The cannabis industry has a corporate governance problem. It is a topic that legal analysts have discussed at length, and yet it continues to be an area that is especially important to emerging cannabis companies and mature cannabis companies alike.
In the world of startups and emerging companies, it is not uncommon to see founders sacrifice best corporate governance practices in an effort to become established faster and build their market presence. Early investors and shareholders are often tolerant of governance shortcomings as companies focus their energy on growth and market-share. After all, the consequences of lacking sufficient corporate governance controls are not always a clear deterrent in the early stages of a closely held company. However, many cannabis companies do not have the luxury of a normal growth period, with time to mature and adopt normal governance policies. With stringent (and ever-changing) regulatory requirements, and an ongoing demand for transparency, cannabis companies can avoid headaches (and potentially worse) by implementing strong corporate governance practices early on.
When it comes to corporate governance, best practices suggest that, among other things, (i) boards (whether board of directors or board of managers) should consist of diverse and independent members, (ii) management … Keep reading
In a post last week, we discussed the ongoing personal bankruptcy case In Re Adair, in which a United States Trustee is seeking to have the court dismiss a Chapter 13 plan of an individual that is employed by a “non-plant-touching” ancillary marijuana business. The Trustee argued that, as the debtor’s salary is paid by an employer that derives income from the sale of cannabis, which remains federally illegal, approval of the bankruptcy plan would “improperly involve a federal court in administering the fruits and instrumentalities of federal criminal activity”. This argument has also been made in other bankruptcy cases in which the debtors engage in activities related to the marijuana industry, resulting in a seemingly blanket refusal by the bankruptcy courts to confirm any plans involving state-sanctioned marijuana operations.
However, a significant chink in the armor occurred last week when the Ninth Circuit Court of Appeals issued a ruling in Garvin v. Cook, which affirmed a bankruptcy court’s confirmation of a Chapter 11 plan involving income derived from the sale of marijuana. The Trustee in Garvin objected to the plan in question based, in part, upon 11 U.S.C.A. § 1129(a)(3), which provides that “[t]he court shall … Keep reading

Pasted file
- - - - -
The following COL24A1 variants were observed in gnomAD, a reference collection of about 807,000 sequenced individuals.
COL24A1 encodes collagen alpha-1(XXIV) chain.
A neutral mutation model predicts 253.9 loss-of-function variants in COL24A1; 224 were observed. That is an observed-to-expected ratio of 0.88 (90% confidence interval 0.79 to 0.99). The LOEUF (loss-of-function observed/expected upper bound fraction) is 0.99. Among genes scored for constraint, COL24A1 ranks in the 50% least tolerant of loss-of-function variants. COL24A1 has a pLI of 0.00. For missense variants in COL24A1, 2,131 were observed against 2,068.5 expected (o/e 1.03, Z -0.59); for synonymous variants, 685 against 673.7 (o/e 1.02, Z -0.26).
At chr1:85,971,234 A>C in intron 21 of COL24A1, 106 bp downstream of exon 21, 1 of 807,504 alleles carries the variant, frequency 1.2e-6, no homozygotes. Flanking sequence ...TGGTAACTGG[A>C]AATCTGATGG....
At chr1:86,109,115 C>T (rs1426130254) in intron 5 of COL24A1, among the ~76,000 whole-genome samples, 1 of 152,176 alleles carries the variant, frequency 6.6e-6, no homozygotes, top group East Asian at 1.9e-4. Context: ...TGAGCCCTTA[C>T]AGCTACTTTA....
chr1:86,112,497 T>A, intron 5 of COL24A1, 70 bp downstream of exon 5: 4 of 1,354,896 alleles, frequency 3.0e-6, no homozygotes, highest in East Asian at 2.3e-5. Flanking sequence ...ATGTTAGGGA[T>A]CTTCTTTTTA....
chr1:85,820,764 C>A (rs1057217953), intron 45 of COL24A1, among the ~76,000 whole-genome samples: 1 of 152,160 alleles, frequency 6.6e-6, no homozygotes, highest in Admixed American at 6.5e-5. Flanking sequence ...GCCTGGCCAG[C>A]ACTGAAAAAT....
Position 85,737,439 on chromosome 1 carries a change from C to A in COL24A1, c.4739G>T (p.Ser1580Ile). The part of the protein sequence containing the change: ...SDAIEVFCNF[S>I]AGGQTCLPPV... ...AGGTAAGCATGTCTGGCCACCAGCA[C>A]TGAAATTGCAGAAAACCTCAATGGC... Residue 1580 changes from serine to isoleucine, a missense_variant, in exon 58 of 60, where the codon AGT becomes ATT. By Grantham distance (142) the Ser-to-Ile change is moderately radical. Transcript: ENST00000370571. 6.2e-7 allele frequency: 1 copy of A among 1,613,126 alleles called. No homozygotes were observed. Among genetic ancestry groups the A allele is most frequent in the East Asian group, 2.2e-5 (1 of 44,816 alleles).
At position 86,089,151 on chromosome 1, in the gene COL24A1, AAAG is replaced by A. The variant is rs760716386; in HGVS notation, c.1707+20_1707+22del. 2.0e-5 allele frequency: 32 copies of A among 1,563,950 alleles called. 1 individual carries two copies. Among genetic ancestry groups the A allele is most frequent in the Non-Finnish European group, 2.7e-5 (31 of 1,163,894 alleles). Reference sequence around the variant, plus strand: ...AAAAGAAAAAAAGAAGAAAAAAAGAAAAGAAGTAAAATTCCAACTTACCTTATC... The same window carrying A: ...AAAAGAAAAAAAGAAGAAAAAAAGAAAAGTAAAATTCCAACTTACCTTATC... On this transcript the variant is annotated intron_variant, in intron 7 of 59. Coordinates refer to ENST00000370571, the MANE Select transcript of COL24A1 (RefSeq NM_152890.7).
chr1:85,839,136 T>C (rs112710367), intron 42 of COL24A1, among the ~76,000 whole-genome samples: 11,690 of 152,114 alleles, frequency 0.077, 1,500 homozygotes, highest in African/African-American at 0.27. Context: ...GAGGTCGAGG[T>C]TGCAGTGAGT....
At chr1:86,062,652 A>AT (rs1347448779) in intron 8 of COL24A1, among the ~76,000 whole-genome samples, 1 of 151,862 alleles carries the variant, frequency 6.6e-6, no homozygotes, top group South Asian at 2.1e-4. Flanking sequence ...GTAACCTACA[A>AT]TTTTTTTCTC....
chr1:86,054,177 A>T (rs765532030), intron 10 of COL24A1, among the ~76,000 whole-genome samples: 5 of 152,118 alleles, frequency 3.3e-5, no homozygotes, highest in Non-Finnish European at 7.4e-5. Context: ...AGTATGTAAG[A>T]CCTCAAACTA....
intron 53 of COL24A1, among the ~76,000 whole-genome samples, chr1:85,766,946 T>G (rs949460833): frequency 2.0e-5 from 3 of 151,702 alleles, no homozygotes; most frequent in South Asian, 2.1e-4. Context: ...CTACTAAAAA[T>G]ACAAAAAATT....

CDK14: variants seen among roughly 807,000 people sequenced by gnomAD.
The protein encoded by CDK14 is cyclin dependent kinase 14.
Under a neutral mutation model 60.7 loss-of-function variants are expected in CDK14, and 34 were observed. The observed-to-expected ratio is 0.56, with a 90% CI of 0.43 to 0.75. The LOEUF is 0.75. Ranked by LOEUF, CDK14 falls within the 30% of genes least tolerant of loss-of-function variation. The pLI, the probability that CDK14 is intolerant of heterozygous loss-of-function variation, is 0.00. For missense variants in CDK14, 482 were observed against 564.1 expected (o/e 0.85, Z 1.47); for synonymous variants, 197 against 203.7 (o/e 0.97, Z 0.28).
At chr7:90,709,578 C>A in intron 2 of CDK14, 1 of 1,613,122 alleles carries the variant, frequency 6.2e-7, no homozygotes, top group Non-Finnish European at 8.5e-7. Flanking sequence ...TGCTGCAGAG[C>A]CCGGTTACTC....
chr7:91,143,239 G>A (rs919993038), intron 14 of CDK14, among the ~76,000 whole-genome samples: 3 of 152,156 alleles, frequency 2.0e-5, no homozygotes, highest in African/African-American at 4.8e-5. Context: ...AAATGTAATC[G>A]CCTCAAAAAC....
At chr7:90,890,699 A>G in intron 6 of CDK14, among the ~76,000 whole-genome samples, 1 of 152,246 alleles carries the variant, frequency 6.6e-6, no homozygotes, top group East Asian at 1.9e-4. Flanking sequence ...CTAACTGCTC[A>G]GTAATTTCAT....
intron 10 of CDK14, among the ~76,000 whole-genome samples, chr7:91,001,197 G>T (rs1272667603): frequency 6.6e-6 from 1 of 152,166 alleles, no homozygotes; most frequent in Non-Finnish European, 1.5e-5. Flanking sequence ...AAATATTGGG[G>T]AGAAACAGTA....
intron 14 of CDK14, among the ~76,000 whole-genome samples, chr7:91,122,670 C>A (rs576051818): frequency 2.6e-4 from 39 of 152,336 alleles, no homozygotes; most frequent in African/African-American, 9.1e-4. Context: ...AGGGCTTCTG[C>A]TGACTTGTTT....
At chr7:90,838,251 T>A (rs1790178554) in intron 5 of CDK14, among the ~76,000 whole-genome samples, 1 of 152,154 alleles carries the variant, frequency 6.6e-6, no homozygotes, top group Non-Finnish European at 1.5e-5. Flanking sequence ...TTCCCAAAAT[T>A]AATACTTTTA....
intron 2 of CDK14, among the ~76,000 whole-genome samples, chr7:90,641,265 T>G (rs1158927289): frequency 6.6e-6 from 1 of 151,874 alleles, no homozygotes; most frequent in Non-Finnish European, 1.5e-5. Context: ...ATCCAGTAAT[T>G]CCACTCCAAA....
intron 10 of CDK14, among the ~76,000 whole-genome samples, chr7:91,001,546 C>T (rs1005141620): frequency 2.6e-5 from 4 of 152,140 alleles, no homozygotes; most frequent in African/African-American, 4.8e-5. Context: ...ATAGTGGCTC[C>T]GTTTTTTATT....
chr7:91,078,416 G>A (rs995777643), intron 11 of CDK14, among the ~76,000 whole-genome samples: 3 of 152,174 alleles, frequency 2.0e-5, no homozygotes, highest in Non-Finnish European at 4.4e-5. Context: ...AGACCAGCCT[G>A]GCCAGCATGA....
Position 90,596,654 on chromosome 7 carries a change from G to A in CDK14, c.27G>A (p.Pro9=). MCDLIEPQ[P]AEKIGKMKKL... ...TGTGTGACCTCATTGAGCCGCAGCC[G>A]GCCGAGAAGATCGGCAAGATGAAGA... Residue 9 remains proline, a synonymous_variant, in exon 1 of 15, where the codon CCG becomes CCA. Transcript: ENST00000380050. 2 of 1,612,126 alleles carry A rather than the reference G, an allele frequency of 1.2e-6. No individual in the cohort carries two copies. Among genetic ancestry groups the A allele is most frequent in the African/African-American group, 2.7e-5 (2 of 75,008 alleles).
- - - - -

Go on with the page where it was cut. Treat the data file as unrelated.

The U.S. Justice Department (“DOJ”) has said that an Oregon woman who is employed by a marijuana staffing agency cannot use bankruptcy protection because of her firm’s ties to the cannabis industry. The U.S. Trustee—a DOJ bankruptcy administrator—objected to confirmation of the debtor’s Chapter 13 plan and moved to dismiss on the grounds that her income is earned in violation of the federal Controlled Substances Act (“CSA”).
The debtor, Ms. Adair, works for Greenforce Staffing, which advertises itself as a full-service staffing and temporary employment agency focused on labor solutions for the cannabis industry. Moreover, its website claims that the company specializes “in providing skilled harvesting, cultivation lifecycle, and trimming temporary labor services for licensed Oregon producers” as well as providing “a suite of permanent and temporary placement services for all aspects of the cannabis industry, including, but not limited to, bookkeeping, product packaging, garden management, and retail.”
Even though Greenforce is by no means a plant-touching operation, the Trustee argued that confirming Ms. Adair’s Chapter 13 plan would nonetheless improperly involve a federal court in administering the fruits and instrumentalities of federal criminal activity. The objection continued:
The Debtor receives her income from Greenforce, and Greenforce receives … Keep reading
Whether a cannabis firm is in the recreational or the medicinal space it seems as though there is an excess of rules and demands whichever way you turn. The new California regulations read like those for a proper pharmaceutical firm, while we know that bank financing or even financing receivables can demand extraordinary documentation. And there’s no need to dwell upon the continued uncertain status of cannabis and its derivatives per the Cole Memo and the fact that cannabis remains largely a cash business with its attendant risks.
So with all of that to consider, it would not be surprising for a consumer facing cannabis firm not to think much about sending out a few text messages. Well, perhaps more than a few. In early April it was reported that Eaze Solutions, Inc. agreed to pay $1.75 million in settlement of a class action claim that it had bombarded consumers with unsolicited, autodialed text messages. The company’s mobile app facilitates the personal delivery of recreational and medical marijuana throughout California, earning it the moniker (at least by plaintiff’s counsel) of the “Uber of weed.” (No report from Uber as to how they feel about this compliment.) The successful plaintiffs … Keep reading